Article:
Looper (2012) / Sci Fi-Thriller
MPAA rated: R for strong violence, language, some sexuality, nudity, and drug content
Running time: 118 min.
Cast: Joseoph Gordon-Levitt, Bruce Willis, Jeff Daniels, Emily Blunt, Paul Dano, Noah Segan, Piper Perabo, Pierce Gagnon, Qing Ju, Tracie Thomas, Garret Dillahunt
Cameo: Rian Johnson
Director: Rian Johnson
Screenplay: Rian Johnson
Review published October 11, 2012
Another intriguing entry by writer-director Rian Johnson, who follows up the critically acclaimed Brick and The Brothers Bloom with what is perhaps his best effort yet. It's a nifty idea that is actually backed up with an erudite story, and while the narrative isn't perfect in pace or plausibility, Johnson manages to side skirt the obvious pitfalls of time-travel films with throwing enough action and suspense to keep audiences on edge throughout. In this movie realm, the future is not set in stone, and people of the future can't assume that what happens in the past won't affect them, as it comes to be shown that people of the future indeed are able to make major changes to the future through what initially appears to be a minor adjustment to the past.
Looper stars Joseph Gordon-Levitt (The Dark Knight Rises, GI Joe) as Joe, a highly paid hit-man hired in the year 2044 to kill masked and bound victims sent his direction from 30 years in the future, where time travel has been invented, outlawed so that only outlaws use it (these assassins are called 'Loopers' for closing off a loop in the lives of others, and in particular, their future selves one day), where such crimes are nearly impossible to cover up. Joe's got it made, having saved nearly enough money to live out his dream of retiring comfortably in France when it all gets 'thrown for a loop' when his next victim is none other than himself 30 years older from the future (Willis, Cop Out), and old Joe gets away. The syndicate responsible for the assassination game can't have loose threads about that will affect the future, so young Joe must snuff out old Joe before the elder can make any temporal changes, while the underground organization have their wolves out and about to snuff out both.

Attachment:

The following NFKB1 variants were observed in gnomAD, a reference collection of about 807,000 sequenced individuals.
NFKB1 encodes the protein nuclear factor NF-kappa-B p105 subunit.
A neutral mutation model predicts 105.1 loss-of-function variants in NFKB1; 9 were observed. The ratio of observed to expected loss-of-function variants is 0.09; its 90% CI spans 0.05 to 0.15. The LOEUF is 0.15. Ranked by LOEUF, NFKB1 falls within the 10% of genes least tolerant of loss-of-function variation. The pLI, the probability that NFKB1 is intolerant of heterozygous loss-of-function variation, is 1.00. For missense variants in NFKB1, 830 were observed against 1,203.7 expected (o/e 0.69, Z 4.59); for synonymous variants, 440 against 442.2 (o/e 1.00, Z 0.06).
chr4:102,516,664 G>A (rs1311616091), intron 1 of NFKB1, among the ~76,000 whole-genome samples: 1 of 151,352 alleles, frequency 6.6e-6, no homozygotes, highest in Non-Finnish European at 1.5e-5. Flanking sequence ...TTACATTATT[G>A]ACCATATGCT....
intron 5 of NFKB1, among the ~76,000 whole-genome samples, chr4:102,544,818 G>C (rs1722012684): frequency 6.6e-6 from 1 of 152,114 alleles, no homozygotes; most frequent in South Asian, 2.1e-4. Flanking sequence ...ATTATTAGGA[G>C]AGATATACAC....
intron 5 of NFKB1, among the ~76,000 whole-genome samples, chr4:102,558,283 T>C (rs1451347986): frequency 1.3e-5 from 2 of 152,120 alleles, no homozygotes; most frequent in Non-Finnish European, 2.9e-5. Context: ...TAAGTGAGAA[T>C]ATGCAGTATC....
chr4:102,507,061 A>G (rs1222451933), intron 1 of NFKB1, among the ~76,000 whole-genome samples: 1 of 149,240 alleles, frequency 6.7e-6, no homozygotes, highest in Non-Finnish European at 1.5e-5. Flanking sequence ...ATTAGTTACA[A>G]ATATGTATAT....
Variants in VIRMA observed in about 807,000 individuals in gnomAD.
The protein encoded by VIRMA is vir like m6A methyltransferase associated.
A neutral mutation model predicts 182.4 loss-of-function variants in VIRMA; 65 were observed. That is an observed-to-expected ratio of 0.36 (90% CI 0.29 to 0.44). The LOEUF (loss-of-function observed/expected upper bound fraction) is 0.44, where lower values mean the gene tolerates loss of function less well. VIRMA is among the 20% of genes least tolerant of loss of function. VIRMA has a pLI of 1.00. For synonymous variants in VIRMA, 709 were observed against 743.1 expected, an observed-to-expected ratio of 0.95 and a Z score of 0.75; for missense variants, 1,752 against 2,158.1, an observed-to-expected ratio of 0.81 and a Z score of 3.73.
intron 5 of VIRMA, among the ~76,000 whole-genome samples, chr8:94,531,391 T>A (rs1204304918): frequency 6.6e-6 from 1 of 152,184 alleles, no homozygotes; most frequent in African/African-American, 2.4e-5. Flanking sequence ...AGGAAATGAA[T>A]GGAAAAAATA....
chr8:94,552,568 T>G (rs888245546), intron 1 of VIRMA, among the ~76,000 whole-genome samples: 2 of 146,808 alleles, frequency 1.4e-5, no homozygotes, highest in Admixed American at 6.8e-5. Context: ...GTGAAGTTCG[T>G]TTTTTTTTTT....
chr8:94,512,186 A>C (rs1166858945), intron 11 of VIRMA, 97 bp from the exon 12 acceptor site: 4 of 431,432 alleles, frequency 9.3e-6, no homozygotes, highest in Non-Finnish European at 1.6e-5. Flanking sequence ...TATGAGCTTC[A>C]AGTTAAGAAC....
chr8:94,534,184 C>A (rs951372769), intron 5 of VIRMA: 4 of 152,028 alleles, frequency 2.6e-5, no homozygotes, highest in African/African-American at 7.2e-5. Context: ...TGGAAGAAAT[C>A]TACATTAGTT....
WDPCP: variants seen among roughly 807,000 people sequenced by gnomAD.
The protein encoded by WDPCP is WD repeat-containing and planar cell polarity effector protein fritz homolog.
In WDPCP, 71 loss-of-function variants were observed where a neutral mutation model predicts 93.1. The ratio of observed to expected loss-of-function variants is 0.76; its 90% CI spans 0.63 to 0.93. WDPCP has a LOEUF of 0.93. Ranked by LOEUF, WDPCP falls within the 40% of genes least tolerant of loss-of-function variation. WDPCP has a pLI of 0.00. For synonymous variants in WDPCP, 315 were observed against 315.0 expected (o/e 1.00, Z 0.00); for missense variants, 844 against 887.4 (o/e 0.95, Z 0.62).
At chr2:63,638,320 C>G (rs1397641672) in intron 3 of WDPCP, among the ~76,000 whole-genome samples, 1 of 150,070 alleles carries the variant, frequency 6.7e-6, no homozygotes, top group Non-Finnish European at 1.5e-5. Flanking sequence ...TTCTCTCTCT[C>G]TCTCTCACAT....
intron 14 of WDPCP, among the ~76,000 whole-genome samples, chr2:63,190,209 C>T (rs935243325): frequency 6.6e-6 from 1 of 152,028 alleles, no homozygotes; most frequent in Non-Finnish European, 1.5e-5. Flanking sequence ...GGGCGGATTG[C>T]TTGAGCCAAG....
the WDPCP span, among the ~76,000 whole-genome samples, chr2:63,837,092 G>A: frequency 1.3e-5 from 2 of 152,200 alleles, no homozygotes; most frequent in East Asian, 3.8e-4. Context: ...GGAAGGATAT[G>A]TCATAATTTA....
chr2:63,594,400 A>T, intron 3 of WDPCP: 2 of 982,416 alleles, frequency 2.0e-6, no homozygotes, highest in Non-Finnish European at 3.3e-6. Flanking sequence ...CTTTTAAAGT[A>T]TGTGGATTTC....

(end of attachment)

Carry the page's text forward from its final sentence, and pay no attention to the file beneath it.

Joseph Gordon-Levitt does a fine performance, often emulating the vocal patterns of Bruce Willis, who plays the older Joe, quite well. The (perhaps needless) make-up job employed seems a little less than realistic in terms of appearance, with his colored contacts, prosthetic nose, and altered lips. Thankfully, for the most part, the look doesn't detract from the overall film much other than provide an occasional distraction when Levitt's mannerisms are too uncannily similar to Willis's (how's that for a backhanded compliment?)